Emerging markets tend to deliver higher returns over time for investors than the U.S. equity market, but at the cost of much more uncertainty and volatility. As bad as the 2008 collapse was for Wall Street, it was far worse for most smaller markets where losses were nearly twice the U.S. declines.
One top fund manager says he has found a way to lessen the risk of investing in far-flung places: Buy local companies that supply consumer needs in the developing world, and you will avoid the "external vulnerabilities" but still get the high rate of growth.
"The consumer is the essence of the emerging-market story," says Lewis Kaufman, who manages the Thornburg Developing World Fund. "It's a very long-tail story that requires patience. There will be corrections, but as long as you focus on the countries where domestic demand is rising over the long term, you will be okay. You don't want to invest too much in countries exporting to the U.S. and Europe."
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Emerging markets were mostly stronger last year, and investors began putting cash into international funds at the highest level in years. But in December, the developing-world markets were grounded by worries over the U.S. budget showdown, the European Union's Cyprus financial crisis, a slowdown in China and, most recently, a drop in gold and other commodities. By sticking to its consumer-focus strategy, Thornburg Developing World gained 8 percent from the start of December to mid-April. The iShares MSCI Emerging Market (EEM) index fell 3.5 percent over that span. The $400 million Thornburg fund's publicly traded 'C' share class (symbol: THDCX) has averaged a 9.9 percent return since inception three years ago, versus an annualized 2.3 percent for the MSCI.
Kaufman says the companies in the MSCI Emerging Markets index have more exposure to big commodity producers and China. Among the MSCI's top 10 holdings are energy giants including Brazil's Petrobras and Russia's Gazprom, which are big components along with three large Chinese companies. Energy, industry and materials make up more than a quarter of the total and together are the largest group. The Thornburg fund has half its assets in consumer stocks of companies operating in the developing world.
"Our fund is actually more "emerging" than the [MSCI] index," says Kaufman. "The MSCI is very materials-heavy."
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Kaufman looks for companies with solid financial underpinnings, low debt and a strong base of consumer demand that can generate earnings. He looks for them in economies large enough to support a mass market for consumers, citing larger developing countries like Indonesia or Thailand. He prefers countries whose currencies are not strongly affected by outside factors, so he has not been a big investor in Europe's fringe EU markets like Cyprus and Greece.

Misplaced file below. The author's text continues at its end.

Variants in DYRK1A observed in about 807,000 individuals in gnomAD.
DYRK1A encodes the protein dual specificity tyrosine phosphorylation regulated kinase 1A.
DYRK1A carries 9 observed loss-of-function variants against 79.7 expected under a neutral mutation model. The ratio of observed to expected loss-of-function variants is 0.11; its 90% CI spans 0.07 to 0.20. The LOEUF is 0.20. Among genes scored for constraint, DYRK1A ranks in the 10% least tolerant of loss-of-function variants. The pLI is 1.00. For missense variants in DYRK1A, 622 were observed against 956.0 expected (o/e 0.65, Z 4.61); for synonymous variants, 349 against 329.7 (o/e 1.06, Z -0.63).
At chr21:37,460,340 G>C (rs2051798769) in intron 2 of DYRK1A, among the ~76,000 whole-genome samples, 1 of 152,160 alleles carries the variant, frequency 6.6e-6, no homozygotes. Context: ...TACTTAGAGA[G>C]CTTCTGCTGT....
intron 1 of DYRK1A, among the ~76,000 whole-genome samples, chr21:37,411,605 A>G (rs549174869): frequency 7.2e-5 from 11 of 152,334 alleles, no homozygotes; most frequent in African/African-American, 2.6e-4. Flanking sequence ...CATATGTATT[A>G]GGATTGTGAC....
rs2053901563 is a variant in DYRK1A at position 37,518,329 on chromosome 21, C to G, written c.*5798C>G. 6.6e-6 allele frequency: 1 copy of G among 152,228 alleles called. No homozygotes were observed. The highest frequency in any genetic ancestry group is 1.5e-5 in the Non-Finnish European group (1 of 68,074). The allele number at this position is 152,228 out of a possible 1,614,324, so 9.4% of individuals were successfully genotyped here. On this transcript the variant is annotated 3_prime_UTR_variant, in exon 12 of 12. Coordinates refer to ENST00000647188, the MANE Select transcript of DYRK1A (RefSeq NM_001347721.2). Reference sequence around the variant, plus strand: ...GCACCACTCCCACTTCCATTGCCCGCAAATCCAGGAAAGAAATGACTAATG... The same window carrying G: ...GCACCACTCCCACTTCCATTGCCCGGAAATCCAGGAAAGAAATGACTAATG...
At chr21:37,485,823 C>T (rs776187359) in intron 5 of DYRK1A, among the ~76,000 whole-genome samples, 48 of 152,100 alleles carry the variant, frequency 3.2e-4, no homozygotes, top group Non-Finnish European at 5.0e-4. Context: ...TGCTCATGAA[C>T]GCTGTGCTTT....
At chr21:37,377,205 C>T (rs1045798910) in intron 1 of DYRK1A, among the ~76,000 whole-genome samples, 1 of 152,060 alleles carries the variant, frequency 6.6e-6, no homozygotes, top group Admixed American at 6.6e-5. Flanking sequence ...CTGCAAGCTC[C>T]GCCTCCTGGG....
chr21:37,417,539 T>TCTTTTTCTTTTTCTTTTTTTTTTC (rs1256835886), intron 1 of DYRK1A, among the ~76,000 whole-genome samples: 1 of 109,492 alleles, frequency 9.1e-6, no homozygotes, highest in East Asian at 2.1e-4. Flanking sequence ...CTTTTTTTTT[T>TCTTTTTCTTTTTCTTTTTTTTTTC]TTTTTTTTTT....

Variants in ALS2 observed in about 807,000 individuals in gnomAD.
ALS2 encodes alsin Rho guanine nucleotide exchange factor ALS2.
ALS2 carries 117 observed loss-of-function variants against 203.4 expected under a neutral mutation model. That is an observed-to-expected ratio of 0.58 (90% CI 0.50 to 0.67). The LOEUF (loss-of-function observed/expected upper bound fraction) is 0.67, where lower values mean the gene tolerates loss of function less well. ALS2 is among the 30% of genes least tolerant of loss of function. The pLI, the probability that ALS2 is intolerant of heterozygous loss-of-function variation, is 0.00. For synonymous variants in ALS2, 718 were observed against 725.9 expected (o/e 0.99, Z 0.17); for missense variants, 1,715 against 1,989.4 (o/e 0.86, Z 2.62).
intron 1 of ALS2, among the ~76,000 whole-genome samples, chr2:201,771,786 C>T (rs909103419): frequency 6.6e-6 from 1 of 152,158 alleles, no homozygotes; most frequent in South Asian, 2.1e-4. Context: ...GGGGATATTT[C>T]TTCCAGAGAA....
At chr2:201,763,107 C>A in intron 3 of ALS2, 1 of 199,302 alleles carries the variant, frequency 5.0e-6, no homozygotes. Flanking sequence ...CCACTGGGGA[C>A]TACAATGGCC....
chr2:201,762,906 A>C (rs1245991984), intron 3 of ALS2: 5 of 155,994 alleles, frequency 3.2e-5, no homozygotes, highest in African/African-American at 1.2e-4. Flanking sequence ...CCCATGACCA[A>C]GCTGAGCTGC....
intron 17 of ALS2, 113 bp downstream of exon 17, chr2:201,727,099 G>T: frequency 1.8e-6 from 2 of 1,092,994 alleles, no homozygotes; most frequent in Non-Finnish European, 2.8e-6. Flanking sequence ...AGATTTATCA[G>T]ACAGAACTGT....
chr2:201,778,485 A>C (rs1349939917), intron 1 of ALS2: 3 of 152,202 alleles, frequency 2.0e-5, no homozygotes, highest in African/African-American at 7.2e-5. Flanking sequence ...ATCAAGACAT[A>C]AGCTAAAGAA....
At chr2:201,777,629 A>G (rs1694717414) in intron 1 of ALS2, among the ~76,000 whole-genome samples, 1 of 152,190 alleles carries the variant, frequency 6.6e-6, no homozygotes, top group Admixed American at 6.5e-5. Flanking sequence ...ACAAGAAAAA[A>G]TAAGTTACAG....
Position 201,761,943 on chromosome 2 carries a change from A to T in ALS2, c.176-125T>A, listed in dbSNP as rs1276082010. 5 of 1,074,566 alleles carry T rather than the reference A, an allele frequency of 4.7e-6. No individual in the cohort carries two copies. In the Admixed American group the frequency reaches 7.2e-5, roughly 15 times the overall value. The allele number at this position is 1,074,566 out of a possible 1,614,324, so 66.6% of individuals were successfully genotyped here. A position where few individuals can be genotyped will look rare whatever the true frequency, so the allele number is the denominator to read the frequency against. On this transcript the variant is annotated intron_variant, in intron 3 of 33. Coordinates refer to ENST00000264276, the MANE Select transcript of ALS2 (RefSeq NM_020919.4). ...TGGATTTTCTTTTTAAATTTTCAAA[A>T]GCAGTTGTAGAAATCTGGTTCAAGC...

His fund lists a large position in Puregold Price Club Inc, a Philippines-based hypermarket retailer that has grown steadily as the local economy has expanded at rate of over 6 percent. Another is Credicorp Ltd, Peru's largest diversified financial company in an economy also growing at better than 6 percent. Kaufman also invests part (just over 10 percent) of his fund in U.S.-based companies that are net sellers to the emerging consumer markets. Qualcomm, which sells mobile telephone technology widely as the technology standard for many developing countries, is one such holding.
Morningstar, Lipper and U.S. News give the Thornburg fund top ratings for both returns and low risk in the category of emerging market funds. But even the most risk-averse of such funds can experience volatility. Thornburg Developing World has had double-digital annual losses and gains in the three-year history of the fund.
One drawback in assessing the fund's prospects is the relatively short three-year history for measuring its performance. And Kaufman himself concedes that his fund had the luck of good timing to start in 2009 when emerging markets were making their post-crash lows. The markets have been positive, on balance, since that time.